Jim Featherstone - Learned lesson in self defense as a boy in Hannibal.

P.W. Fletcher - Transportation visionary.

J. Palmer Forrest  - Established St. Mary’s Pharmacy.

Rev. Wesley Foster - Eighth and Center Streets Missionary Baptist Church.

Evans Fritz  - A funeral pioneer.

Dan Griffen - Hannibal florist, who shares memories of the 1940s.

William Casper Grove, Hannibal's second fire chief.

Sue Hart  - A lifetime of living on West Ely Road.

Albert Haug - Noted Hannibal musician.

Bobby Heiser - Fifth generation Hannibal jeweler.

Louis and Lena Lackner Heiser - German Turner Society.

• Holland, Stephen T. - Former journalist, retraces steps as a Hannibal reporter.

Otis Howell – Winner of top MPA photography awards in 1961.

William Hunt - A story of financial largess and loss.

Dora Hunter - Early Hannibal businesswoman.

Lu Jaworksy - Life-long local newspaper supporter.

Livy Job - Lost to friendly fire at Hannibal during Civil War

John Keefe -  ‘America’s greatest yodeler’

George Michael Kilian - Early Hannibal butcher.

Jack Klotz - Privy digger.

Milton P. Knighton - Owner of White Star Laundry

Jack Kretzer - Remembers when funeral homes operated ambulance services.

Dr. Daniel Landau - Pediatrician to Hannibal's Baby Boomers.

Peter Lange - Operated a boat livery business at the foot of Bird Street.

Harry Lieberman and Doc Greene, checkers champs.

Otto Liepold, Hannibal businessman, walked to Quincy.

Ruth Linear - Shares memories of “Old Hannibal.”

Arch Little, a born promoter and entertainer.

Rev. Lena Mason - Hannibal native, turned famous evangelist.

Larry W. McCarty - Descendant of John Quartle's slave, Daniel

Hiram McVeigh - Failed at business, but left a lasting legacy.

William Scott Meyer - Son of Hannibal, prominent businessman

Len Moss - Chronicler life with pencil and watercolors.

Betty Curtis Mudd  - Remembers neighborhood of her youth.

W.A. Munger - Former Hannibal mayor.

Firmin T. O'Dell - a Hannibal visionary.

John O'Donnell tells of growing up in Hannibal; Central Park was his backyard.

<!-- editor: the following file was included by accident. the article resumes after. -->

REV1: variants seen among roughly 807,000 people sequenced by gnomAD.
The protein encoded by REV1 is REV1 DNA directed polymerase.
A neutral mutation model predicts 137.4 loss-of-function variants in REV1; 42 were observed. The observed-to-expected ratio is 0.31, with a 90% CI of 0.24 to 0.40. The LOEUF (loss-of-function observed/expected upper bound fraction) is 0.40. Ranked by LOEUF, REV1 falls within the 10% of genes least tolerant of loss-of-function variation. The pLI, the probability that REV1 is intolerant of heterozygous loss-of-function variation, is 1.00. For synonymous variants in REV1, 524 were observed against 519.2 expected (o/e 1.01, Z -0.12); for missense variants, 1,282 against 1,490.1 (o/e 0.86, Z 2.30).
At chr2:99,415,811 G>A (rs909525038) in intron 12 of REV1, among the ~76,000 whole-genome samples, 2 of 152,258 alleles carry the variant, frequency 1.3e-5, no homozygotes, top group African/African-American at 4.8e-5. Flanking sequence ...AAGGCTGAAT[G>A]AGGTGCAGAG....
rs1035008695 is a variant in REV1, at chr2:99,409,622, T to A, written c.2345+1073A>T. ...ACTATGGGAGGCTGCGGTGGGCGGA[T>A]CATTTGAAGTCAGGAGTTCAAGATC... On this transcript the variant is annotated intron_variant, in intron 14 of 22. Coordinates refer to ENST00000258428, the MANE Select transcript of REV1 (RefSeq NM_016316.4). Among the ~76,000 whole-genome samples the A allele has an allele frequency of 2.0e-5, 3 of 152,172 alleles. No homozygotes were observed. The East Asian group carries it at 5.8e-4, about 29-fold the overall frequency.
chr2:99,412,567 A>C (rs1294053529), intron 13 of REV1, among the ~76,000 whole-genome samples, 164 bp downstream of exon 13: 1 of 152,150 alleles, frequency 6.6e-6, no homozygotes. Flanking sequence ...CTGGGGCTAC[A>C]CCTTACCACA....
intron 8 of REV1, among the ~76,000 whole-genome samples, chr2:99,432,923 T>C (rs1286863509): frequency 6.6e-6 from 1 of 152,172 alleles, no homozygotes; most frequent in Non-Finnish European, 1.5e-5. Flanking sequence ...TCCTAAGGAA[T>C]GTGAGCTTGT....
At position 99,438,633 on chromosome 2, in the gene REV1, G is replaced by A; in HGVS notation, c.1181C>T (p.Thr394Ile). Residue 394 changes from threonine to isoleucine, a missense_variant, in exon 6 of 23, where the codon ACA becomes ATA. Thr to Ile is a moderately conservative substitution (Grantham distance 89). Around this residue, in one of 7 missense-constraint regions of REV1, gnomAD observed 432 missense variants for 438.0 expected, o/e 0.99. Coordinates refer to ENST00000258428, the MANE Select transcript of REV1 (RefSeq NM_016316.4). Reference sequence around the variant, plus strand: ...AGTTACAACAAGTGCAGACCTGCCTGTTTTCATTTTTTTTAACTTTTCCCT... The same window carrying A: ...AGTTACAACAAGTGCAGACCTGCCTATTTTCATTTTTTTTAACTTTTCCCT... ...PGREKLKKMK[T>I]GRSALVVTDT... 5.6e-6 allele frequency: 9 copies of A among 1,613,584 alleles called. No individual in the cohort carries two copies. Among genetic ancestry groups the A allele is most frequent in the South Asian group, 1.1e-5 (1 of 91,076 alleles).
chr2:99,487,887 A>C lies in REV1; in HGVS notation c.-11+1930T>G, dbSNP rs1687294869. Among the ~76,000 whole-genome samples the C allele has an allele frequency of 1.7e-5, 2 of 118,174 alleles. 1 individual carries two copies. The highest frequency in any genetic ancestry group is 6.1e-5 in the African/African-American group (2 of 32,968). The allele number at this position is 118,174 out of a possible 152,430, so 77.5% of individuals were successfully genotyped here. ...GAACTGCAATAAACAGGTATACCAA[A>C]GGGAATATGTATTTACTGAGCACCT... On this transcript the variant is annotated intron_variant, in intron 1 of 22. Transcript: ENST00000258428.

Babu Patel - Veteran hotel man, modern day immigrant.

Fannie Peake - Noted soprano.

Richard and Martha Poole – Restoring legacy house at South Fifth & Church.

John B. Powell - Journalist Paid a high price for outspoken views.

John Pratt - Hannibal Courthouse’s first janitor.

Dr. O.C. Queen - Prominent Hannibal physician of color.

Martha R. Ray - Long-time Hannibal educator.

Leolia Reynolds - Respected Hannibal educator

Essie Turner Robinson - Left as a legacy, notes of Bear Creek Church’s founding.

Dr. Mary S. Ross served patients from her home and office at 500 Broadway.

Lula Mae Kimberley Rothweiler, a noted elementary educator.

William H. Russell, Hannibal native, baseball team owner.

R.B.D. Simonson  - Hannibal school superintendent

Pink Snyder - Operated a grocery store in the Chestnut Street neighborhood.

Gurniss Tapley and his horse, Colonel, spent their retirement years working on Franklin Otten's dairy farm.

King Tanner, a man of color, fought for his country during the Civil War.

Donna Toalson - A real tomboy.

Emilie Treat - First female court reporter for Tenth Judicial Circuit.

Richard Treat - Lost his life during Korean Conflict.

Mary Ellen Hulse and Richard Webster Trower - Married during World War II.

Oscar Tucker - A lifelong shoemaker.

Brad Tutor - Continuing family’s milling legacy.

Lynne McGee Tutor - Cemetery researcher.

Kathy Herring Walley - Grew up in a photo studio.

Dixie Ward – The force behind the Hull (Ill.) History Museum

Lute F. West - Left behind a journal from the 1880s.

Mary Wiehe - A member of a proud blue-collar family.

Brad Willet - Repurposed old Hatch Farm lumber into his own home.

Miss Sadie Withers - Early 20th Century nurse.

Bob Yount – Grew up on the Hatch farm.